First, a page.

Museum Talk

Wednesday, January 22, 2014
Antique roller skates on display at the Buffalo Island Museum in Monette.

Buffalo Island Museum has two pairs of antique roller skates in its collection. One pair is the Omnia platform sandal roller skates from the 1960s, and the other is a pair of adjustable skates from the 1950s. The Omnia skates were made in Italy and feature a button on the side that will raise or lower the hidden wheels.

Ice skates have been around since 3000 B.C. but roller skates weren't invented until the 1700s. An unknown Dutchman crafted wooden spools to blocks of wood and this was the first crudely designed pair of dry land skates. The first recorded roller skate invention was in 1760 when a Belguim inventor, Joseph Merlin, arrived at a masquerade party with his metal wheeled boots playing his violin.

The first official patent for roller skates was in 1819 when Monsier Petitbled attached a wood sole to a boot that had four metal rollers. You could only skate in a straight line so these weren't very maneuverable.

Did you think that Sonic Drive-in was the first to have its waiters on skates? In 1840 a tavern in Berlin had waiters serve beer while on roller skates. This was great publicity for roller skates, and a few years later the first public roller skate rink was opened in London.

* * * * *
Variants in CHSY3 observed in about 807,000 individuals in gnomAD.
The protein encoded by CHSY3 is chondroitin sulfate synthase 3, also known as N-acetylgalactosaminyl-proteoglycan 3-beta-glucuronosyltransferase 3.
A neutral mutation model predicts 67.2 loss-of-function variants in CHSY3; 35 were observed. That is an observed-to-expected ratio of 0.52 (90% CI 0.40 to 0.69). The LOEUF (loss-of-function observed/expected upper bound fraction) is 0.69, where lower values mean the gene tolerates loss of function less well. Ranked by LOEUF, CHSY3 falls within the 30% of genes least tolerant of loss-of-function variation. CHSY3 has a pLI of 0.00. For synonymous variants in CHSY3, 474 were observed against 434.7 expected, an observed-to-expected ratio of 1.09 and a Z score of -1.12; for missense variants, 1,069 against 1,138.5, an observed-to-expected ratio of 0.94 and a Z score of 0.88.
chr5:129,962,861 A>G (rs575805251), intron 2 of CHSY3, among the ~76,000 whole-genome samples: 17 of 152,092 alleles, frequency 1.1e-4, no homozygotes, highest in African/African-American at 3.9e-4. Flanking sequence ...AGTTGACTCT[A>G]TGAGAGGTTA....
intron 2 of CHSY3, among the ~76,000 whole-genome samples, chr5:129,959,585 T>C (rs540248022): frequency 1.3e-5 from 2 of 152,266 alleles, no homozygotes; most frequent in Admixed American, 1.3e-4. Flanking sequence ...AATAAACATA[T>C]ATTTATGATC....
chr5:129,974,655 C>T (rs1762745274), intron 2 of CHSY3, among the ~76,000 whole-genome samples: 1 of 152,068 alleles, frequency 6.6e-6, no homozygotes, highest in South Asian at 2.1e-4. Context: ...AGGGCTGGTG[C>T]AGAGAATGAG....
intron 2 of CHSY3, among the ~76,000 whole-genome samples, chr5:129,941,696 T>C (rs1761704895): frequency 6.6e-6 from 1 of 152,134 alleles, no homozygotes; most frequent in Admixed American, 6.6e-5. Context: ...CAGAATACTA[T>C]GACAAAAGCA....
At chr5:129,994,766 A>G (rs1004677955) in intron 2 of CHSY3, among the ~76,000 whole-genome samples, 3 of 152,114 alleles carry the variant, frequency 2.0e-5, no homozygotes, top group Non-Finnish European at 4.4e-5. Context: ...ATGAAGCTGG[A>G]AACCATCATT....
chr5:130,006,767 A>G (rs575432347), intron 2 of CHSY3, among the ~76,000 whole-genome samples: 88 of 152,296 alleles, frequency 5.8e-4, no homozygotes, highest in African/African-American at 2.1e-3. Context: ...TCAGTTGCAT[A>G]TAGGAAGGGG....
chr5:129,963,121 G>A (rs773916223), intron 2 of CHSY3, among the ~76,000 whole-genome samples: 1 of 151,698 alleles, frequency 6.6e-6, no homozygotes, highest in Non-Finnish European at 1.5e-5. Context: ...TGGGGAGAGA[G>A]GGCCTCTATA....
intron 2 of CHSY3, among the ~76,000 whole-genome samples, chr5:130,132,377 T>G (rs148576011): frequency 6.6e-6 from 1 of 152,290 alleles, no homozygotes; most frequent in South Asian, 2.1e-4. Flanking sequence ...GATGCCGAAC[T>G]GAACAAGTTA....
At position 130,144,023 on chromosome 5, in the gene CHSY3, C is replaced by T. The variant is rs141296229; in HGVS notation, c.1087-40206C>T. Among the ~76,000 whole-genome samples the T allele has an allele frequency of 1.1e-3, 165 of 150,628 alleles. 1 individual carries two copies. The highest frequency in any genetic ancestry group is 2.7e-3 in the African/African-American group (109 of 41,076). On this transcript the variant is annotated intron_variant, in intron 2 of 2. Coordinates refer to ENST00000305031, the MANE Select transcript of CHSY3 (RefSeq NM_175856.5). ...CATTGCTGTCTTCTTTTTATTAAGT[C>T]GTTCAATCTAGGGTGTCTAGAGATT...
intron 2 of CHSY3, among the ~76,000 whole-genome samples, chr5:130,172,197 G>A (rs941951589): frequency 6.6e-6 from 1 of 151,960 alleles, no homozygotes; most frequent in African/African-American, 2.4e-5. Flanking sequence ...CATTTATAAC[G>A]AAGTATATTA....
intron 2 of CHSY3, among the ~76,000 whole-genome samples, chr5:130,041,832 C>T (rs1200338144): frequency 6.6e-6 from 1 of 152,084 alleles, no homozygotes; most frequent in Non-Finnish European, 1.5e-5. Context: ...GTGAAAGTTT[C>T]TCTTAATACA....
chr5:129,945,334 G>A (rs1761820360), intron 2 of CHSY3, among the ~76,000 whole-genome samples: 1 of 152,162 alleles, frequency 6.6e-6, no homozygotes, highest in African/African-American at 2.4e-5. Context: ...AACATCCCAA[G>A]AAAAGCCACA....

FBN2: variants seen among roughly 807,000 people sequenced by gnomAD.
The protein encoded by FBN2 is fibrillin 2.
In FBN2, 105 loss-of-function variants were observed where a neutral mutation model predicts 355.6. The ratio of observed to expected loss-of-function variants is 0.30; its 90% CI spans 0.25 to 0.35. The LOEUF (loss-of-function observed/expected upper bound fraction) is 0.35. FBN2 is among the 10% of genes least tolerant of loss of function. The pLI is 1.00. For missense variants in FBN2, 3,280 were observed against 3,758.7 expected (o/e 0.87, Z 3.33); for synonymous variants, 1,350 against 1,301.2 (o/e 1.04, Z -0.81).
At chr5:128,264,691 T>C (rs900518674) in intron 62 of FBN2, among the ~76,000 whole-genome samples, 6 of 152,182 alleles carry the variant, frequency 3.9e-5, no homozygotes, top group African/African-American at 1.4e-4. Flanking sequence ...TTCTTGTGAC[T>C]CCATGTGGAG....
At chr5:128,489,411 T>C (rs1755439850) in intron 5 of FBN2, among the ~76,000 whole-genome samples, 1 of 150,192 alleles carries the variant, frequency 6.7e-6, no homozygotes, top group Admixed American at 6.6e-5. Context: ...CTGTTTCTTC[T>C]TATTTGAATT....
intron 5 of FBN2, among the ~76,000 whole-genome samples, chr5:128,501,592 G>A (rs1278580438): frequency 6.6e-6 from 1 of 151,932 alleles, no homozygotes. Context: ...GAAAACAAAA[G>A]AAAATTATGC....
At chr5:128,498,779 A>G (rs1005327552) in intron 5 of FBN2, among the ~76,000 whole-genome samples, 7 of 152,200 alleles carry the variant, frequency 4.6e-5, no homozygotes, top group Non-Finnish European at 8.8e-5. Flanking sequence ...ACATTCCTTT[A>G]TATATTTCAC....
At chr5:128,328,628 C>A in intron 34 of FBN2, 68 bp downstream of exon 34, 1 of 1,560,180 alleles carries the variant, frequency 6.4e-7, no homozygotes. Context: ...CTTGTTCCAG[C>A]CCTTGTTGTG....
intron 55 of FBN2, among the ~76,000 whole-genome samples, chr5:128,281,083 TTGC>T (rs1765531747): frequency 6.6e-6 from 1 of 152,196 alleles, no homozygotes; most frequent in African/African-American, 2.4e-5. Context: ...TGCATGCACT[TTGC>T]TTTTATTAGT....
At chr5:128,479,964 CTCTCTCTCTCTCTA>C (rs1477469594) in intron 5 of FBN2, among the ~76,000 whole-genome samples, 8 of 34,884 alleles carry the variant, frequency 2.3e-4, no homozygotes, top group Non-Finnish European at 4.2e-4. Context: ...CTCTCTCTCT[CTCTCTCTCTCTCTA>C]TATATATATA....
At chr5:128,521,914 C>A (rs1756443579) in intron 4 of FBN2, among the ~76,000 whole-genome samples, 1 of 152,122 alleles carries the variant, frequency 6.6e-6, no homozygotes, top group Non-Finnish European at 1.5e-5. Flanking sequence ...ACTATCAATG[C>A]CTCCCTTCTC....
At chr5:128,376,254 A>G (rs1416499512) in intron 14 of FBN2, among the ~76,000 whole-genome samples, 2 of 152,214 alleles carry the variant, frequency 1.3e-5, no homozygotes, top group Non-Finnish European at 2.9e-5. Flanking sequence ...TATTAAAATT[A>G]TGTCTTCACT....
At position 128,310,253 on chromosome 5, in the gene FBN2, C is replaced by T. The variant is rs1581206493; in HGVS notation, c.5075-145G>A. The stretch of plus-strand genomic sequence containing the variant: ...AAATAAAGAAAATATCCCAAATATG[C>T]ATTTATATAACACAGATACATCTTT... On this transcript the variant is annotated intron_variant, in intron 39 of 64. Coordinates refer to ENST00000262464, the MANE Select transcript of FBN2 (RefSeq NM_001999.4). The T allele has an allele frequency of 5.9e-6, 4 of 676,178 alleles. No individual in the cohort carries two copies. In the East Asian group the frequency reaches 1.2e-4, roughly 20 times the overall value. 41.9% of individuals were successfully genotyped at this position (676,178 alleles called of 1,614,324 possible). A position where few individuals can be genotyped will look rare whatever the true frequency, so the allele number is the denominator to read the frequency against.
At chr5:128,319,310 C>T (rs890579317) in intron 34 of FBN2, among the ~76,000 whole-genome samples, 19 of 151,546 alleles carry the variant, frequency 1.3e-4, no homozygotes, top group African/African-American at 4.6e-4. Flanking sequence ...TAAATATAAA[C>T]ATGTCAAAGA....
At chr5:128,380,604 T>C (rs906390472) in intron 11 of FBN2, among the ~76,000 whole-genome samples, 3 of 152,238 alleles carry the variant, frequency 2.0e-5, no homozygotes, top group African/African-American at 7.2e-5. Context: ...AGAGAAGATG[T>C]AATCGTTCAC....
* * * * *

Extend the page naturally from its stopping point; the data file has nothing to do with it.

Finally roller skating came to the United States when in 1863, Leonard Plimpton designed the quad pattern of wheels that we still use today. You could easily turn and roller skating backwards was now possible. This design led the industry for more than 100 years. About this same time period, E.H. Barney designed a clamp-on skate. Then came the adjustable plate that allowed a single pair of skates to fit all sizes. This type of skate was manufactured until the mid 1960s when plastic technology gave roller skates new material that was lighter, more durable, and allowed the skater to move with more speed. Before this, wheels were mostly made of wood: boxwood, maple or oak.

Roller skating boomed across the United States with public rinks opening and temporary rinks being set up across the country. Today most large cities have roller rinks that feature music with DJs, contests and family fun.

Fiberglas frames and rear brakes have made rollerblading competitions featuring tricks on walls and hilly tracks popular. Roller hockey, inline speed skating, and roller derby competitions abound. The new roller skates are made from a resin from Dupont and have a spring loaded suspension. These Scorpion Multi Terrain Quad Roller Skates are only available in the United States, and are very popular with today's skaters.

Do you remember in the 1950s and '60s when temporary skating rinks came to the towns on Buffalo Island? Many Monette residents remember the skating rink set up at the east end of town. Remember when Sonny Battles, who helped operate the rink, would put an unlit match in his mouth, bend down and strike it on the skating floor while skating on one foot? Several tried that trick, but I don't recall anyone who succeeded. Even though I just skated around in a circle (trying to keep from falling), looking at these old skates bring back good memories.

Buffalo Island Museum is closed for the winter months, but check our Facebook page for the latest information.

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